*This* Is The Reason J.K. Rowling Uses Initials Instead Of Her Full Name – And It’s *Seriously* Infuriating
Whether or not you’ve read the Harry Potter books, you’ll have heard of J.K. Rowling. World famous for her works of fiction as well as her ferocious, political wit on Twitter, the woman has become a household name.
But it seems that people are only now realising what ‘J.K.’ actually stands for (and die-hard fans of hers will be rolling their eyes at the thought).
Her name is Joanne Rowling, and the ‘K’ comes from her grandmother’s name, Kathleen. If you’re wondering why she doesn’t go by ‘Joanne’ in the publishing industry, prepare to get seriously pissed off.
When her first book, Harry Potter and the Philosopher’s Stone, got picked up by her publisher, she was warned that the books wouldn’t sell as well under an obviously female name. She was encouraged to use her initials to trick readers into thinking she was a male author – because, you know, women can’t write or something.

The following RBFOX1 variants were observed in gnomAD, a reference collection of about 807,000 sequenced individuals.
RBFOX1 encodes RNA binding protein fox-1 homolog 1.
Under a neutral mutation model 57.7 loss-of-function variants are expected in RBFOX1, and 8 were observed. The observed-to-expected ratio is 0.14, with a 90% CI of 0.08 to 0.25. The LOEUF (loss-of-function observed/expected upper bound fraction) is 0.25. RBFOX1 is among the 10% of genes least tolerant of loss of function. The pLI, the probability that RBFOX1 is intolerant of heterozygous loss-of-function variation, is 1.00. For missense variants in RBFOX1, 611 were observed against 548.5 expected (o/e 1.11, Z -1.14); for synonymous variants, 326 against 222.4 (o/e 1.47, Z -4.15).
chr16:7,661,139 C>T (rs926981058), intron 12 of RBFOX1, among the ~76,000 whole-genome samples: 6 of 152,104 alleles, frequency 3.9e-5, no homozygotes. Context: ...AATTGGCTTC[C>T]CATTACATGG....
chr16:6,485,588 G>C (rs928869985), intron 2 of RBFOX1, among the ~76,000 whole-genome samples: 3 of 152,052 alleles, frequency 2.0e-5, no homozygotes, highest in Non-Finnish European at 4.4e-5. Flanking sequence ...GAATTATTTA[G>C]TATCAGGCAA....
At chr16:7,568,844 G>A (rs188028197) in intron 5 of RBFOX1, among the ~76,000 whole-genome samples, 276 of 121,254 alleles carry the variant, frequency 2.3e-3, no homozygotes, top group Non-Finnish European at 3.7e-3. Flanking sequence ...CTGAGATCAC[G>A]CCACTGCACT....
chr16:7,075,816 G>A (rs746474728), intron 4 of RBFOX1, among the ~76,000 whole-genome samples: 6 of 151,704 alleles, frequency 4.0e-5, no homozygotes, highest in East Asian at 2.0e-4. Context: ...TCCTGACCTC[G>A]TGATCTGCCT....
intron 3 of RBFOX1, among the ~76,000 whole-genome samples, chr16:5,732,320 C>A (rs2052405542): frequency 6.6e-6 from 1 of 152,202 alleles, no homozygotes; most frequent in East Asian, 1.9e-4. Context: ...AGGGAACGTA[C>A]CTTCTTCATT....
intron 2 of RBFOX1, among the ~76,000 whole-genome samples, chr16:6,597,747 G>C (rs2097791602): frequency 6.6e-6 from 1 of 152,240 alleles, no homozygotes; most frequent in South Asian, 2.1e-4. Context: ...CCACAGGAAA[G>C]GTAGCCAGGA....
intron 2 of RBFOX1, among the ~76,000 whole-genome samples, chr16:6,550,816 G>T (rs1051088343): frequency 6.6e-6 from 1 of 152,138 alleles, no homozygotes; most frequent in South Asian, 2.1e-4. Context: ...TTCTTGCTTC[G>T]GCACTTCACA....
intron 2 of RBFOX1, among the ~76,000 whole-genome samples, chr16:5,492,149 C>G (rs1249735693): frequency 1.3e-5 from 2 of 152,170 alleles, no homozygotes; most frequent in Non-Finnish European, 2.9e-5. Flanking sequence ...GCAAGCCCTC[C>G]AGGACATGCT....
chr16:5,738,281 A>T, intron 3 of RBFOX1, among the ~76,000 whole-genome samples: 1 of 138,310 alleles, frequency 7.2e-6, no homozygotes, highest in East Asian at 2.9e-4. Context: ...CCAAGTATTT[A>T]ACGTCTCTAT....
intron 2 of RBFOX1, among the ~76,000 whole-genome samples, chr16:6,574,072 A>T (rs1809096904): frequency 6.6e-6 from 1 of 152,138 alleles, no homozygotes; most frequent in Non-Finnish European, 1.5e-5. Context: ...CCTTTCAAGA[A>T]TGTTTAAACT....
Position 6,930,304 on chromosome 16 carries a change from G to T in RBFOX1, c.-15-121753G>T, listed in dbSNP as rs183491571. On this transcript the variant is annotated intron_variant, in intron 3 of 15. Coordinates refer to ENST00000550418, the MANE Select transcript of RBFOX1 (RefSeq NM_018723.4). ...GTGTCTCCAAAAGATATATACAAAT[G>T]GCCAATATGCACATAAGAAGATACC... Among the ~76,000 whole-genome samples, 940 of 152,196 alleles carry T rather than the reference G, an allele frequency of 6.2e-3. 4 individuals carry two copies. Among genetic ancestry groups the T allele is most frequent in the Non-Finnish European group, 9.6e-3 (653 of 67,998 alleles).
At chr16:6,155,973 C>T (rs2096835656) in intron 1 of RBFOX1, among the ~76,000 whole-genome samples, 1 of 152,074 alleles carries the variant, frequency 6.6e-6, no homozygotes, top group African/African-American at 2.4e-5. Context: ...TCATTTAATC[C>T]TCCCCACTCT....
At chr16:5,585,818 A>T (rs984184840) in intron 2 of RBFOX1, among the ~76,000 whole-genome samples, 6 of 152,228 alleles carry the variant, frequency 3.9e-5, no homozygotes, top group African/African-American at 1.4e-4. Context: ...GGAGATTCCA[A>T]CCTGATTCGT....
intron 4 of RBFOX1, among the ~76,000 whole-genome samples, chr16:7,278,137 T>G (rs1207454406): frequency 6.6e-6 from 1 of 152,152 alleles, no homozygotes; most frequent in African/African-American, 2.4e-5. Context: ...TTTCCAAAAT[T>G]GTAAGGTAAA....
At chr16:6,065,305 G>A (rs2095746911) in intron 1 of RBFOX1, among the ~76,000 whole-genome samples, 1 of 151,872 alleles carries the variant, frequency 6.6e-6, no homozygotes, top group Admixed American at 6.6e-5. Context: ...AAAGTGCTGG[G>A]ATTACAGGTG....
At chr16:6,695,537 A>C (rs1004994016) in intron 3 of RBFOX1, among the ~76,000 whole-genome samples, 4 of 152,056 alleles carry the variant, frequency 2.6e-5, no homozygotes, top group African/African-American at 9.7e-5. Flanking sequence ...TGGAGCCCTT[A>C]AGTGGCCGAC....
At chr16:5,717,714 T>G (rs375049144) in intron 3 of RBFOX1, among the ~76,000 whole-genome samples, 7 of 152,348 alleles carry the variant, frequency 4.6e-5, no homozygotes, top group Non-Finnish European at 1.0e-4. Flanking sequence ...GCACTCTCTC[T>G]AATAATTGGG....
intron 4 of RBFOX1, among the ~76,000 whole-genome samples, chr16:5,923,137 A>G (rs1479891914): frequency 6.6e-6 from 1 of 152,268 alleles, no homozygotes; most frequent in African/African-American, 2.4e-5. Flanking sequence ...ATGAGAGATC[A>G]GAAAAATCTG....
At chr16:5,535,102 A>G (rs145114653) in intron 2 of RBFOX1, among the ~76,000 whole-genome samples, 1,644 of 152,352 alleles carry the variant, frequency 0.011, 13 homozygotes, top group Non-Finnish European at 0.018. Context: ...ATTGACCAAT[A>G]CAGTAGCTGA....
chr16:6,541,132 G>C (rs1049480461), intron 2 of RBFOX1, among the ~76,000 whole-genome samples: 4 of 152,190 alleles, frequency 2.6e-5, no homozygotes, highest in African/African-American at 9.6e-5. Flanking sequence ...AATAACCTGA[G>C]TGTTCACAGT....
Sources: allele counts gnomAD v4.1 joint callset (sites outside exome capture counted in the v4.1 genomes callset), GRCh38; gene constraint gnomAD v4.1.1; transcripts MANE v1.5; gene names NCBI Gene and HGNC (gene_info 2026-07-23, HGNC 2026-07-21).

Speaking to CNN’s Christiane Amanpour, the author said, “My publisher, who published Harry Potter, they said to me, ‘We think this is a book that will appeal to boys and girls’, so they said, ‘Could we use your initials?’
“Because, basically, they were trying to disguise my gender. And obviously that lasted about three seconds, which is wonderful.”
The 51-year-old also penned two adult novels under the pseudonym Robert Galbraith, though she insists her reason for this had nothing to do with the former publisher’s advice.
When asked why she wrote The Cuckoo’s Calling and The Casual Vacancy under a man’s name, she said, “I certainly wanted to take my writing persona as far away as possible from me, so a male pseudonym seemed a good idea.
“I am proud to say, though, that when I ‘unmasked’ myself to my editor David Shelley who had read and enjoyed The Cuckoo’s Calling without realising I wrote it, one of the first things he said was ‘I never would have thought a woman wrote that.’ Apparently I had successfully channeled my inner bloke!”
Um, why can’t women just write as women?
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